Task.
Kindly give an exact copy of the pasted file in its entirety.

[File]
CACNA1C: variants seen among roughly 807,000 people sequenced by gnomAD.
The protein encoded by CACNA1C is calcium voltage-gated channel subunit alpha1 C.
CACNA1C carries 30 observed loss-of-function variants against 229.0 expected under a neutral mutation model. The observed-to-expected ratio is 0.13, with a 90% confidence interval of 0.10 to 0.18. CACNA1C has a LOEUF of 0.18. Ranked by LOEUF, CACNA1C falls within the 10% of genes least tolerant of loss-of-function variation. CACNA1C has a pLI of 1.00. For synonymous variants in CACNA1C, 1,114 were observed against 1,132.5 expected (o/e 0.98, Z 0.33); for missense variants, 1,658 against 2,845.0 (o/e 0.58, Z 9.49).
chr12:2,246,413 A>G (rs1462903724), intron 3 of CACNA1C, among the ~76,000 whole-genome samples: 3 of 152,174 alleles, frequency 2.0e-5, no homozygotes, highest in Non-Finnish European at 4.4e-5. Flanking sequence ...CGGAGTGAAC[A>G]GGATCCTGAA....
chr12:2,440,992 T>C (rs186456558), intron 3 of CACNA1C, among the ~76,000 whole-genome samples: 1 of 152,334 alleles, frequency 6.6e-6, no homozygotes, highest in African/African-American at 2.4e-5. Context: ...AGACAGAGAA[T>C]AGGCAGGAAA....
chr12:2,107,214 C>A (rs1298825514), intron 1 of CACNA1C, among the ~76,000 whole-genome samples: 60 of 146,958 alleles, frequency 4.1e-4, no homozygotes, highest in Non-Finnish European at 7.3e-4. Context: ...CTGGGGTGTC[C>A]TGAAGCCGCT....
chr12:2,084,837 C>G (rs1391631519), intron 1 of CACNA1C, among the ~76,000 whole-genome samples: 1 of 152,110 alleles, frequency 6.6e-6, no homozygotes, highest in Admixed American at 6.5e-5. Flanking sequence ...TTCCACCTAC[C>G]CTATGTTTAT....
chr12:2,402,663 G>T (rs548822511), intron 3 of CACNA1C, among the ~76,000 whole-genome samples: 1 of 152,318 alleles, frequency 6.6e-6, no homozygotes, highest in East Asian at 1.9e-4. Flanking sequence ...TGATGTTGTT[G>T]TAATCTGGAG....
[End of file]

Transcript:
CACNA1C: variants seen among roughly 807,000 people sequenced by gnomAD.
The protein encoded by CACNA1C is calcium voltage-gated channel subunit alpha1 C.
CACNA1C carries 30 observed loss-of-function variants against 229.0 expected under a neutral mutation model. The observed-to-expected ratio is 0.13, with a 90% confidence interval of 0.10 to 0.18. CACNA1C has a LOEUF of 0.18. Ranked by LOEUF, CACNA1C falls within the 10% of genes least tolerant of loss-of-function variation. CACNA1C has a pLI of 1.00. For synonymous variants in CACNA1C, 1,114 were observed against 1,132.5 expected (o/e 0.98, Z 0.33); for missense variants, 1,658 against 2,845.0 (o/e 0.58, Z 9.49).
chr12:2,246,413 A>G (rs1462903724), intron 3 of CACNA1C, among the ~76,000 whole-genome samples: 3 of 152,174 alleles, frequency 2.0e-5, no homozygotes, highest in Non-Finnish European at 4.4e-5. Flanking sequence ...CGGAGTGAAC[A>G]GGATCCTGAA....
chr12:2,440,992 T>C (rs186456558), intron 3 of CACNA1C, among the ~76,000 whole-genome samples: 1 of 152,334 alleles, frequency 6.6e-6, no homozygotes, highest in African/African-American at 2.4e-5. Context: ...AGACAGAGAA[T>C]AGGCAGGAAA....
chr12:2,107,214 C>A (rs1298825514), intron 1 of CACNA1C, among the ~76,000 whole-genome samples: 60 of 146,958 alleles, frequency 4.1e-4, no homozygotes, highest in Non-Finnish European at 7.3e-4. Context: ...CTGGGGTGTC[C>A]TGAAGCCGCT....
chr12:2,084,837 C>G (rs1391631519), intron 1 of CACNA1C, among the ~76,000 whole-genome samples: 1 of 152,110 alleles, frequency 6.6e-6, no homozygotes, highest in Admixed American at 6.5e-5. Flanking sequence ...TTCCACCTAC[C>G]CTATGTTTAT....
chr12:2,402,663 G>T (rs548822511), intron 3 of CACNA1C, among the ~76,000 whole-genome samples: 1 of 152,318 alleles, frequency 6.6e-6, no homozygotes, highest in East Asian at 1.9e-4. Flanking sequence ...TGATGTTGTT[G>T]TAATCTGGAG....